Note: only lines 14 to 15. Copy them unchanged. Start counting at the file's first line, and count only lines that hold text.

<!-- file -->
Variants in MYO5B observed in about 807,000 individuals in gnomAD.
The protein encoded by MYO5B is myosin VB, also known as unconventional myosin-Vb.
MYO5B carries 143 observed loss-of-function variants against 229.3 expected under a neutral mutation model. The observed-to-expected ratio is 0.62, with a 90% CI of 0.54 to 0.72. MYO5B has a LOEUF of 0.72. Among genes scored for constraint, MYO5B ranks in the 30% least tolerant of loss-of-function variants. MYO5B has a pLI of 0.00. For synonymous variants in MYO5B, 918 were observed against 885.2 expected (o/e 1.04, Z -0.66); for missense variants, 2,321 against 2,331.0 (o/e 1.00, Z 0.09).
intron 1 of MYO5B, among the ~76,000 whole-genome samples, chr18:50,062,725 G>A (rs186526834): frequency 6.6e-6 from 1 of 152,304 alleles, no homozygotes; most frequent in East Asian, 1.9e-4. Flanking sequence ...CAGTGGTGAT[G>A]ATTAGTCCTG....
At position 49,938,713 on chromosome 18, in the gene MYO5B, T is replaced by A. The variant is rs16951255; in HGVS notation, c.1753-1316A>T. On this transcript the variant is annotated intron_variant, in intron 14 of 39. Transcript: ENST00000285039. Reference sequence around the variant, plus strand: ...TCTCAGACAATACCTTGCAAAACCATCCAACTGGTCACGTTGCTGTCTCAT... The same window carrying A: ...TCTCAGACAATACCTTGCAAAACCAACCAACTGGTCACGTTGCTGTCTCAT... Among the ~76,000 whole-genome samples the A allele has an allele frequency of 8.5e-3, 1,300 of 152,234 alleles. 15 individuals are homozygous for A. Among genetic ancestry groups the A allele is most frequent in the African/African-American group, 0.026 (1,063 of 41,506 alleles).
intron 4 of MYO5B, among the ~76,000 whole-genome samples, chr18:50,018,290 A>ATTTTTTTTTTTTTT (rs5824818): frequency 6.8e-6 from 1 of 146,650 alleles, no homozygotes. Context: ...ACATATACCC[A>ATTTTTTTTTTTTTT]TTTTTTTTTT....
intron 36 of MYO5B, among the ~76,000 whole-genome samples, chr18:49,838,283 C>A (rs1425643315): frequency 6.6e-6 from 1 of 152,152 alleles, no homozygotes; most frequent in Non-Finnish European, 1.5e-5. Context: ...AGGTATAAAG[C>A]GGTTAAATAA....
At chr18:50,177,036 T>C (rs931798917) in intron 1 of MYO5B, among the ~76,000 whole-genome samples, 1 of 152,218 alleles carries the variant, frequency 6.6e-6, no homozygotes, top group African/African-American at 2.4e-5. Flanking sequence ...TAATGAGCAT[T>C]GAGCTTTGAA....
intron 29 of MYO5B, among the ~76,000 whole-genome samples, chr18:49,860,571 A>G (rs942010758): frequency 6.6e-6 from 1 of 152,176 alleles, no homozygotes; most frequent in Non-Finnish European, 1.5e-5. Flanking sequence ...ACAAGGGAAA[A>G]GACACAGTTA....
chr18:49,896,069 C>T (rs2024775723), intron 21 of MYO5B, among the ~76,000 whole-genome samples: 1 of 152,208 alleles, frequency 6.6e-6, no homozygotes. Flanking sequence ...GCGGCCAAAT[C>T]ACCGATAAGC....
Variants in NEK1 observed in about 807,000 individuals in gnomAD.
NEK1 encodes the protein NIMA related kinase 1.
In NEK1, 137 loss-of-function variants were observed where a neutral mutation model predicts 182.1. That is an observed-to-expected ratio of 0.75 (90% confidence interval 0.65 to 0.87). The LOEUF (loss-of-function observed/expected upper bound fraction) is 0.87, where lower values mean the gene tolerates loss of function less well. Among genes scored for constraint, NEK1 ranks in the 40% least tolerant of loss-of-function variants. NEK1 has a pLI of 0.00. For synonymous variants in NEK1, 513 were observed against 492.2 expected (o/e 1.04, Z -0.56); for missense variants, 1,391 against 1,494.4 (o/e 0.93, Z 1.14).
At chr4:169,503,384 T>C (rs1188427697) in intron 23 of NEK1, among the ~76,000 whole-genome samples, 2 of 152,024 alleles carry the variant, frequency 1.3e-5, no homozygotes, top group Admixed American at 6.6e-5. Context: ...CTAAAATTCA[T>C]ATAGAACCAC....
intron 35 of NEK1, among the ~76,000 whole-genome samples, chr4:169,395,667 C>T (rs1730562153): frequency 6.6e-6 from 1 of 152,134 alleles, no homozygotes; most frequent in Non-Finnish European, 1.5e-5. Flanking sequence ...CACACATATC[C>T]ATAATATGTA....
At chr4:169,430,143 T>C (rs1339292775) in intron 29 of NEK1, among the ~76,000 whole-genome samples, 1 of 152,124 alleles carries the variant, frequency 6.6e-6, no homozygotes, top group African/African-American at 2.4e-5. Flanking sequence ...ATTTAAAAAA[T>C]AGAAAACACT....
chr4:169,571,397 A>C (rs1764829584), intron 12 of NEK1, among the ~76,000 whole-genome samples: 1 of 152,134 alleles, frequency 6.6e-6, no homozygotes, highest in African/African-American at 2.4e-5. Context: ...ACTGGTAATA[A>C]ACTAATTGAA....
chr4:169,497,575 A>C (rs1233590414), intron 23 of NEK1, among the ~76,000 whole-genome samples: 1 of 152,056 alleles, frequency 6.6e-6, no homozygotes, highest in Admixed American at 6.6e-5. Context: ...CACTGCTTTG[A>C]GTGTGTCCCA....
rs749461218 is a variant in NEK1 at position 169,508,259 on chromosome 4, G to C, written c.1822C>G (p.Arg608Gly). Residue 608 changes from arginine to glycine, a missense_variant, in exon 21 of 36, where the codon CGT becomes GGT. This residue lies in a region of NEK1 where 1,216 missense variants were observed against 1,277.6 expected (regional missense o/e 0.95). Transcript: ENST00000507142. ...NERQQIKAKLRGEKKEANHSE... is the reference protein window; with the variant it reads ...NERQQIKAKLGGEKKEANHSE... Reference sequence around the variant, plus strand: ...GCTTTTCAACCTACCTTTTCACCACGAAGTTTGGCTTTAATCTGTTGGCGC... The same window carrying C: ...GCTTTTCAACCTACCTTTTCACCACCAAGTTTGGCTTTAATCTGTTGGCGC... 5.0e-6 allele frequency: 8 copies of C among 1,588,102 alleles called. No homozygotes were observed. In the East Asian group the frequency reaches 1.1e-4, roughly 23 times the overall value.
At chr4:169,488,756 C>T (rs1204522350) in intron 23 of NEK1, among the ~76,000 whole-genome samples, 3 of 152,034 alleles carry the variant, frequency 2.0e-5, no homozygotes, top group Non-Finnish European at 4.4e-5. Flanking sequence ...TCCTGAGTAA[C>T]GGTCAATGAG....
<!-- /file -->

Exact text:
At chr4:169,503,384 T>C (rs1188427697) in intron 23 of NEK1, among the ~76,000 whole-genome samples, 2 of 152,024 alleles carry the variant, frequency 1.3e-5, no homozygotes, top group Admixed American at 6.6e-5. Context: ...CTAAAATTCA[T>C]ATAGAACCAC....
intron 35 of NEK1, among the ~76,000 whole-genome samples, chr4:169,395,667 C>T (rs1730562153): frequency 6.6e-6 from 1 of 152,134 alleles, no homozygotes; most frequent in Non-Finnish European, 1.5e-5. Flanking sequence ...CACACATATC[C>T]ATAATATGTA....